I intend raising this issue with the Speaker. An attempt was made to take away the right of individuals to vote.
Mr Deputy Speaker:
I note your comments, Dr Paisley. Thank you.
Mr Deputy Speaker:
As no amendments have been tabled, I propose, by leave of the Assembly, to group the five clauses of the Bill.
Clauses 1 to 5 ordered to stand part of the Bill.
Long title agreed to.
Mr Deputy Speaker:
The Bill stands referred to the Speaker.
The Minister of Finance and Personnel (Mr Durkan):
I beg to move
That the Budget Bill [NIA 10/00] do now pass.
I will be brief. The Final Stage of the Budget Bill is the conclusion of the first full financial year during which the Assembly has been responsible for approving Estimates. The Assembly has had the opportunity to question and debate the detailed expenditure proposals for the 2000-01 financial year. I am glad, for want of a better word, to say that it has taken full advantage of that opportunity. This began with the Supply resolutions associated with the main Estimates early last summer. We had a full debate again in February on the 2000-01 spring Supplementary Estimates. It is right that there should be full that which we had today on the Programme for Government. That is the important difference that devolution is helping to make.
These expenditure proposals emanate from our devolved Administration, which is fully accountable to the Assembly. The Assembly has the ultimate say on whether to accept them. I can assure all those who participated in the various debates and in the deliberations of the Committees that the points they raised are of interest. Their validity and merit is recognised, not least because they reflect the concerns of the wider community that Members represent.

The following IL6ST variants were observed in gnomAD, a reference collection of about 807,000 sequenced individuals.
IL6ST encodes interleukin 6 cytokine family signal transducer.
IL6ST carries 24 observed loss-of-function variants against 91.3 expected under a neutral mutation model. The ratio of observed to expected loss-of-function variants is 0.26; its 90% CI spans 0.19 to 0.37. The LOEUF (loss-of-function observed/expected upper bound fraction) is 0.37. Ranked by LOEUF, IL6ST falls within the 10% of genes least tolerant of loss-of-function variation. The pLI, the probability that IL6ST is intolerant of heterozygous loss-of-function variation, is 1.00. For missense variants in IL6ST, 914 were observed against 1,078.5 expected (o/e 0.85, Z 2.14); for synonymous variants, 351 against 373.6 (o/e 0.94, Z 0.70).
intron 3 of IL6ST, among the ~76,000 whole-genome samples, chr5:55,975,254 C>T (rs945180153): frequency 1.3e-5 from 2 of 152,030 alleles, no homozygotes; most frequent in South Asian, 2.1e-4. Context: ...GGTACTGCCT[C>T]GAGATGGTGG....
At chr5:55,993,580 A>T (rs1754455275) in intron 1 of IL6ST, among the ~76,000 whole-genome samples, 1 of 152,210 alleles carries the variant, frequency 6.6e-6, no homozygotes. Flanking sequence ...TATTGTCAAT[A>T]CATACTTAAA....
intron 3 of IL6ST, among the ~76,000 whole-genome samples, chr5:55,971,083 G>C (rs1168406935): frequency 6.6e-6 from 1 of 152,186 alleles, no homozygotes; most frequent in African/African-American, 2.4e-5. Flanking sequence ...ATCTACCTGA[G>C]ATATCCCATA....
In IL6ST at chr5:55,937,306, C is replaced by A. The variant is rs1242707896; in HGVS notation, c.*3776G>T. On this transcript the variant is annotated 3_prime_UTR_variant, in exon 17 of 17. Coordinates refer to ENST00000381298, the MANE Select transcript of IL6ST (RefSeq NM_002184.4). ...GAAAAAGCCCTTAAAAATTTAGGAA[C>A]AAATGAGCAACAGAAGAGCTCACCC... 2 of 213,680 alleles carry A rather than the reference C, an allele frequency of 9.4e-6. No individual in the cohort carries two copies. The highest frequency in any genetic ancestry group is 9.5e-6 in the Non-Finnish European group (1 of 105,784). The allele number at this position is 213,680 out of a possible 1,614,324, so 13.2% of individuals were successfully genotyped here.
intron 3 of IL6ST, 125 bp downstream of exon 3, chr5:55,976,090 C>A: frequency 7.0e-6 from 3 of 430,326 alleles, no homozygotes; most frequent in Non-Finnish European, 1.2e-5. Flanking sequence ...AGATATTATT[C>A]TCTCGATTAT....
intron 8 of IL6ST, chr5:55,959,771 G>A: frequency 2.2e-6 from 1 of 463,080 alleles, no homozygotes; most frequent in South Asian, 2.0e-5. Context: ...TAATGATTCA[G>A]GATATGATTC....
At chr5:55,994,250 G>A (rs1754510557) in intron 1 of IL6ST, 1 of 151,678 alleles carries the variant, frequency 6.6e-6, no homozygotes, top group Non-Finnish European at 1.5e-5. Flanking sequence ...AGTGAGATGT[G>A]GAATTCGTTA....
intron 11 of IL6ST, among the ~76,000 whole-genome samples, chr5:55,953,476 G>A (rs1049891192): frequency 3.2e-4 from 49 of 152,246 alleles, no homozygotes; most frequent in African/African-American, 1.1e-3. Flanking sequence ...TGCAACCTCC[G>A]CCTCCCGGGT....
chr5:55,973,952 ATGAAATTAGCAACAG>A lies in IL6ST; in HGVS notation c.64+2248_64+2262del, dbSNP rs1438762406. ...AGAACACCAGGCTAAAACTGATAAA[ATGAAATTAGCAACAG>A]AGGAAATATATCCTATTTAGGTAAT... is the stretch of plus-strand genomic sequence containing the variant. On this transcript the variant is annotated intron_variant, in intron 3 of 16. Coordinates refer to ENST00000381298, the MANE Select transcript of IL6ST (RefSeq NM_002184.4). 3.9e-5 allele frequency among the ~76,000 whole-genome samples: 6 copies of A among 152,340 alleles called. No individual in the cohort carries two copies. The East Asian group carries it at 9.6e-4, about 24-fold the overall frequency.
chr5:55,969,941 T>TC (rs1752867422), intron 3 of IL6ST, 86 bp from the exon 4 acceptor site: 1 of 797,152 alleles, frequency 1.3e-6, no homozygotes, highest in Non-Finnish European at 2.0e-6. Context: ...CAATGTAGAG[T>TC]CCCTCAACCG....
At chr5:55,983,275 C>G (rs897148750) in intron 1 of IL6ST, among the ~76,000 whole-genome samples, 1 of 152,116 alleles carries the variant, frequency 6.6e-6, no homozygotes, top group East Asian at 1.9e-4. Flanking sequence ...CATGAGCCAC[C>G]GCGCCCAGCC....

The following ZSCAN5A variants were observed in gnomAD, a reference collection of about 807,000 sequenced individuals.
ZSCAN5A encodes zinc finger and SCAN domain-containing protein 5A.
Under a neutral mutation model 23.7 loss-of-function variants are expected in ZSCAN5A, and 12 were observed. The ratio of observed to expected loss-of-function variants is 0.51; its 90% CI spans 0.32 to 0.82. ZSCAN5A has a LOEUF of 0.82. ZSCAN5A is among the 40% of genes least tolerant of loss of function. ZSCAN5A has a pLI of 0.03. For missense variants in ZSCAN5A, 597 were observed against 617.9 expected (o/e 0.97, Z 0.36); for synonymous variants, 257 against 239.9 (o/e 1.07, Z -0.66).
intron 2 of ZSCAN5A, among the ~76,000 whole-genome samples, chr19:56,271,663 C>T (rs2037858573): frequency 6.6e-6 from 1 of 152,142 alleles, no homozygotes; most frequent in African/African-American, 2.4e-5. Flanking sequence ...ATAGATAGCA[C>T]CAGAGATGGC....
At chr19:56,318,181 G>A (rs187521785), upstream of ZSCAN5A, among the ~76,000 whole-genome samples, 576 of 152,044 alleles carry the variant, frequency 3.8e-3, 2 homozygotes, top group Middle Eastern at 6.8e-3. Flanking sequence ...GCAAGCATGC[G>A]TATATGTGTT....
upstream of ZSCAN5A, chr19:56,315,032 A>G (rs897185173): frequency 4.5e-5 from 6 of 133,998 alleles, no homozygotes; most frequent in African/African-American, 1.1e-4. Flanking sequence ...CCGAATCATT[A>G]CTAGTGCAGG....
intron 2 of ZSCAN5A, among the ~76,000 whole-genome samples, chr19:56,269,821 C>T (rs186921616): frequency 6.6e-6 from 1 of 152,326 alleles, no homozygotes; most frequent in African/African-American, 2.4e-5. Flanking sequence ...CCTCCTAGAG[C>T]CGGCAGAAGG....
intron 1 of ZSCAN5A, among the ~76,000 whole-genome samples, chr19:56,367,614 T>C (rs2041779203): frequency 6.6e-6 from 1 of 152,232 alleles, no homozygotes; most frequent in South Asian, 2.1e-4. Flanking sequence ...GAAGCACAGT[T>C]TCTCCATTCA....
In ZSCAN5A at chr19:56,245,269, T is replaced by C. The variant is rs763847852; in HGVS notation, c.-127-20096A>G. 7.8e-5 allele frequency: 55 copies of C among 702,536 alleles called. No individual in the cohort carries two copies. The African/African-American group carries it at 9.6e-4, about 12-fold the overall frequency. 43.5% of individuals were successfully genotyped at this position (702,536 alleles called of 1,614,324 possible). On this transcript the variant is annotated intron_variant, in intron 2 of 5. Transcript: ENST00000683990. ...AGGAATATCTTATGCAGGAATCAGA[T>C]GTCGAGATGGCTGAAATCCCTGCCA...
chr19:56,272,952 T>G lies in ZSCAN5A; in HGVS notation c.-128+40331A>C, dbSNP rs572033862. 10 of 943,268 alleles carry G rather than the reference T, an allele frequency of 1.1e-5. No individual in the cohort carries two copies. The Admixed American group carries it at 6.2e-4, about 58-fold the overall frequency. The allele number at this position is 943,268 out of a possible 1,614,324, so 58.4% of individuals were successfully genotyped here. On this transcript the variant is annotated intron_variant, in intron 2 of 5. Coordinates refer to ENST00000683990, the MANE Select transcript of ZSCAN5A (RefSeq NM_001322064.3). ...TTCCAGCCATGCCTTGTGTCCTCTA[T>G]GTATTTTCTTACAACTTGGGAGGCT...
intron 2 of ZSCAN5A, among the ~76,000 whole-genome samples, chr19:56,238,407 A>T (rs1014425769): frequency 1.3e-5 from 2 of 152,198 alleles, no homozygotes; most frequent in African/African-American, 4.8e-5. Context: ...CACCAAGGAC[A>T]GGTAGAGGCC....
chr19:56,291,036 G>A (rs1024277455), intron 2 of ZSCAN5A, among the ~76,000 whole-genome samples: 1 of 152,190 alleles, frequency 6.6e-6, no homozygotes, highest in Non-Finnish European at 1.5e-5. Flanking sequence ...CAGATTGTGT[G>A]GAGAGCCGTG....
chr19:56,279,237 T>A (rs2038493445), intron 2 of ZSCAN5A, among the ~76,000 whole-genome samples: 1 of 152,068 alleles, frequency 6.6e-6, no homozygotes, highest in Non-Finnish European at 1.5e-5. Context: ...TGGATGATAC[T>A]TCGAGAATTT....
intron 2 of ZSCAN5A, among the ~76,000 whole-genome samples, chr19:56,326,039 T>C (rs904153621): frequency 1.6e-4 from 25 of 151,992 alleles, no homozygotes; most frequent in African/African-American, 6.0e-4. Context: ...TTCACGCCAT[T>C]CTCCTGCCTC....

Rev Dr Ian Paisley:
If this Assembly has the final say, why is it that we were not able to put down an amendment on this today? We tried to put down five amendments and were told that we could not do so. If we have the final say on everything that we are passing tonight, why is it not amended?
Mr Deputy Speaker:
My understanding is that no amendments can be put down at this stage.
This is the Final Stage. There would not be amendments at this stage. Amendments were submitted yesterday for the Further Consideration Stage, but those amendments were not taken. The Speaker gave his ruling and his grounds for it, in answer to points raised by Mr Dodds. Those points were accepted. It was the nature of the amendments, not the fact of amendments, that was ruled out. The Speaker in his ruling said that the particular nature of the amendments would have had the effect of making the Bill ultra vires. That was the reason that those particular amendments were not taken. That is a matter for the Speaker, not for me or, indeed, the Executive.
The Minister accurately records what happened. However, the Speaker, in his ruling, agreed with me that the amendments - which would have deleted expenditure on the all-Ireland aspects of the Belfast Agreement (the North/South bodies) and kept it within Northern Ireland Departments - were not acceptable because those particular bodies were given a special position in the legislation. You can amend and remove expenditure in relation to health, education and agriculture, but you cannot do so for the North/South bodies. It illustrates a point that we have made in the past - that those bodies are given a special position within the institutions set up under the agreement.
Mr Deputy Speaker:
I support the ruling of the Speaker yesterday. I therefore do not see any point in taking amendments at the Final Stage of the Bill.